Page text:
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Chelsea offer answers regarding CPO proposal

Perhaps, like me, you missed this earlier in the week. Nevertheless, at least we did come across it eventually.

There has been an immeasurable amount of talk since Chelsea revealed its proposal to buy back the Stamford Bridge freehold from Chelsea Pitch Owners. This topic has been as polarizing as any in recent memory with regard to the club, and much of the talk has been under-informed at best thanks to a lack of real concrete material from which to draw.

Thankfully, the club have decided to offer some insight into many of the questions supporters such as us have had since news of the proposal broke.

buck
Everybody clap yo hands

Below are a few answers of particular interest. Be sure to check out the article on the official website to check out the club's response in full. Of note is Chelsea's answer to those who have been asking for significant proof that Stamford Bridge cannot be expanded. That, for my money, is a good, and seemingly fair, response.

Isn't the proposal against everything that CPO was set up for?
No. CPO was set up to stop property developers evicting Chelsea FC from Stamford Bridge against its wishes, which had been threatened during the 1980s and early 1990s. CPO was never intended to hinder the club by restricting its ability to maximise its income.

Why can't the club wait until a site for a new stadium is known and reveal it before offering to purchase the Stamford Bridge freehold from CPO?
Because no owner of a potential site would enter into extensive negotiations or agree a deal with Chelsea FC unless it knew the club could deliver on that deal, and the club couldn't guarantee completion of the deal without certainty over the subsequent redevelopment of Stamford Bridge.

Can the club provide proof that possible expansion of capacity at Stamford Bridge has been properly investigated?

The club has reports and studies from as early as 2003/04 on various aspects of a redevelopment of the stadium and has spent a considerable amount of time and money in looking at various aspects of a redevelopment. The bottom line is a redevelopment adding a significant number of seats needs a site of 16 to 18 acres or more, and at Stamford Bridge there are less than 12 acres.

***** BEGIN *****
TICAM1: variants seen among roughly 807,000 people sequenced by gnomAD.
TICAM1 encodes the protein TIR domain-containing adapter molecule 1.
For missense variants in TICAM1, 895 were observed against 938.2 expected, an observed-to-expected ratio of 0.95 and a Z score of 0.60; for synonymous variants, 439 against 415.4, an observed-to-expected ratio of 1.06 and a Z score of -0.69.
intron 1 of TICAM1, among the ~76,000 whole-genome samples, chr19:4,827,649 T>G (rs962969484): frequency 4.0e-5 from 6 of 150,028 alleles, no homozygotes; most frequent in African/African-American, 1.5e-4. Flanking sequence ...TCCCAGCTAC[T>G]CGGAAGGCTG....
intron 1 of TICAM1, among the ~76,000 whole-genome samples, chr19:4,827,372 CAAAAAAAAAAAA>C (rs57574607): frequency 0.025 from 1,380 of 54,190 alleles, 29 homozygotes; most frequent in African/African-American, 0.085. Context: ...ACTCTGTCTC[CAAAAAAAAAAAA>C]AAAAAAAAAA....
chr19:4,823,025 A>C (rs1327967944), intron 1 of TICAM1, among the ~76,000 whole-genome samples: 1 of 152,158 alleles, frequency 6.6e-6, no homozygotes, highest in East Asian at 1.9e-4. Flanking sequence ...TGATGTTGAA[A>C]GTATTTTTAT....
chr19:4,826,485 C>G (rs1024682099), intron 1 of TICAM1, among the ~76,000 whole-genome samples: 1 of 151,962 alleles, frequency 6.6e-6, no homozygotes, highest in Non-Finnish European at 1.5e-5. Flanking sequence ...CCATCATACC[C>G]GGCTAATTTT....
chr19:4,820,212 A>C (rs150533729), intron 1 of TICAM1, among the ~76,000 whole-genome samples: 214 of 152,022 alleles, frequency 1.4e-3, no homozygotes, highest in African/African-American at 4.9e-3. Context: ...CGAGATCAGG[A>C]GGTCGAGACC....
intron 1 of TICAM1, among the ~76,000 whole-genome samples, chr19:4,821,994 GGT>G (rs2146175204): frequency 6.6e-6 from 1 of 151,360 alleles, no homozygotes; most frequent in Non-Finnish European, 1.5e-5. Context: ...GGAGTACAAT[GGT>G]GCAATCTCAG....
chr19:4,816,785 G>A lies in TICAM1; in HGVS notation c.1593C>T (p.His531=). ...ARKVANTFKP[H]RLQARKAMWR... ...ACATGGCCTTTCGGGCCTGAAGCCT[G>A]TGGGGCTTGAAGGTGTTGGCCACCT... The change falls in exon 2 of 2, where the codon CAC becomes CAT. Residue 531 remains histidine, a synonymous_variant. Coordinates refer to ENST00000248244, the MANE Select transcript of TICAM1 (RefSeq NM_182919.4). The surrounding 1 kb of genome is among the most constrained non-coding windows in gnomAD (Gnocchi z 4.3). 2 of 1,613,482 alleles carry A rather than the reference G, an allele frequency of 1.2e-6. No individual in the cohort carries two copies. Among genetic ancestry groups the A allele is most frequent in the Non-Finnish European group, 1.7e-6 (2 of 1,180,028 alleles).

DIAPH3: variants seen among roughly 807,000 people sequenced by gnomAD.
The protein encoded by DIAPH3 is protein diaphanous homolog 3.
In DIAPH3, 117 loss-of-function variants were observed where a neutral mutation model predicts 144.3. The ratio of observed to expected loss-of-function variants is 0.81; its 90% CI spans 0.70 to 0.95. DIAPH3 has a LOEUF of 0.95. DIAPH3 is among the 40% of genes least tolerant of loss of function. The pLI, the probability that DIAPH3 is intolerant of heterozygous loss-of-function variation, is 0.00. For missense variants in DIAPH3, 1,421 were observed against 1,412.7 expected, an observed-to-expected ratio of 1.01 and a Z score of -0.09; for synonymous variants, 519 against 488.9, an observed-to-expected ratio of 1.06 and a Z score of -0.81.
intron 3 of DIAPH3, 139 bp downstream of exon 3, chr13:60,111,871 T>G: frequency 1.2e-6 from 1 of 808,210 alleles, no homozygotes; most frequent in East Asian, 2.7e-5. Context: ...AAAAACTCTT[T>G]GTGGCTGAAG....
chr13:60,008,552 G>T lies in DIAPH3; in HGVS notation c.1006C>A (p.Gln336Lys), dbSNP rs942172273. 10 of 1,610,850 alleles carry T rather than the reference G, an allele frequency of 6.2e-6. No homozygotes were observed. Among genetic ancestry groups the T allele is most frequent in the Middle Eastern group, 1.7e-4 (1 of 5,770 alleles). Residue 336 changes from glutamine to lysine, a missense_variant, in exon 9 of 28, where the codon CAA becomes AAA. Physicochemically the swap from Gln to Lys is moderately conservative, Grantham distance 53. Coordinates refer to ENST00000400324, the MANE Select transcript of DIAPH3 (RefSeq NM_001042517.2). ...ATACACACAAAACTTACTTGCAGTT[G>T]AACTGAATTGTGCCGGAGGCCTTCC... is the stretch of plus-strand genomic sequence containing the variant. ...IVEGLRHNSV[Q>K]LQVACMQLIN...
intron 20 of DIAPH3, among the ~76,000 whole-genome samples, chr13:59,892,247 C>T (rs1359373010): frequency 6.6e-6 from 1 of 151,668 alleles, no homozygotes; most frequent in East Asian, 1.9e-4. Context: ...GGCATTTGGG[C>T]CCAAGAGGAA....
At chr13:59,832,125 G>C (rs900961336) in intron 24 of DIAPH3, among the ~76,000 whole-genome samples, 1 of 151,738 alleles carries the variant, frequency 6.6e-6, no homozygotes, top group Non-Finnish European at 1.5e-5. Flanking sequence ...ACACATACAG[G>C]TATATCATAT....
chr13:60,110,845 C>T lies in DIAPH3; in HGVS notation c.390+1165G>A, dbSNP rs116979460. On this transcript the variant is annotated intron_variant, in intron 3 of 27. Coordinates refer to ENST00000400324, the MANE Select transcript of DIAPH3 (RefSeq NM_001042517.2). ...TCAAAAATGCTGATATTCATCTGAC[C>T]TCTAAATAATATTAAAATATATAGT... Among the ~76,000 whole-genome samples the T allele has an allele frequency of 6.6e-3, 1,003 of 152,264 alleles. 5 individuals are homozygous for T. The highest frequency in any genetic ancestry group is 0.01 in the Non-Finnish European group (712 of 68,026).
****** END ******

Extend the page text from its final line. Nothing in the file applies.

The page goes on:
The club has worked with several architects firms looking for ways to redevelop each of the four stands at Stamford Bridge to increase capacity.

If the East Stand, which was built in the early 1970s, were to be knocked down and redeveloped then there are two significant obstacles. A new stand would have to cantilever over the railway track. Standards regarding safety have changed since the early 1970s. The angle of the current stand is very steep but if it were rebuilt then the angle would have to be shallower to meet today's standards, with many seats significantly further from the pitch than they are now.

The Shed End stand at the south of the stadium cannot be expanded because of the hotel and the flats behind it. Rights to light and shadowing issues also preclude such a development.

For the Matthew Harding Stand at the north of the stadium, health and safety rules requires that in an emergency the whole site is cleared in eight minutes and we are restricted with Fulham Road being our only exit. Any additional people at the north end would have to go the furthest to reach the Fulham Road exits, so it is very unlikely planning permission would be granted, as we are virtually at our capacity limit for emergency egress. Rights of light and overshadowing issues for Brompton Park residents also cause planning difficulties.
Over the years it has been suggested a walkway should be built along the railway lines from the north end of the stadium towards West Brompton. That has been looked into, and was rejected at a public inquiry as the long narrow route is considered unsafe in the event of an emergency. We have not applied for planning permission for a walkway to Fulham Broadway station as the council has already said they would reject it for safety reasons.

The West Stand is of a height that is already the maximum allowed by planning regulations, in terms of rights of light overlooking the Stoll Foundation housing.

The club has looked at tearing down all four stands and at turning the direction of the pitch by 90 degrees but neither plan makes sense because again it should be emphasised that the site is less than12 acres and it is generally considered that to build a stadium from scratch with a capacity of 55,000 then approaching 20 acres is needed. A major reconstruction at Stamford Bridge also raises issues as to where the club would play during the two or three seasons that Stamford Bridge would not be available.

As well as buying back the freehold, is the club also proposing to buy back the name Chelsea Football Club from CPO?
As the original agreement makes clear, CPO has never owned the name Chelsea Football Club. The name would only ever move across into CPO ownership should the club leave Stamford Bridge without the consent of CPO.

That's all I'll offer here. Again, be sure to check out the article in full at the official website.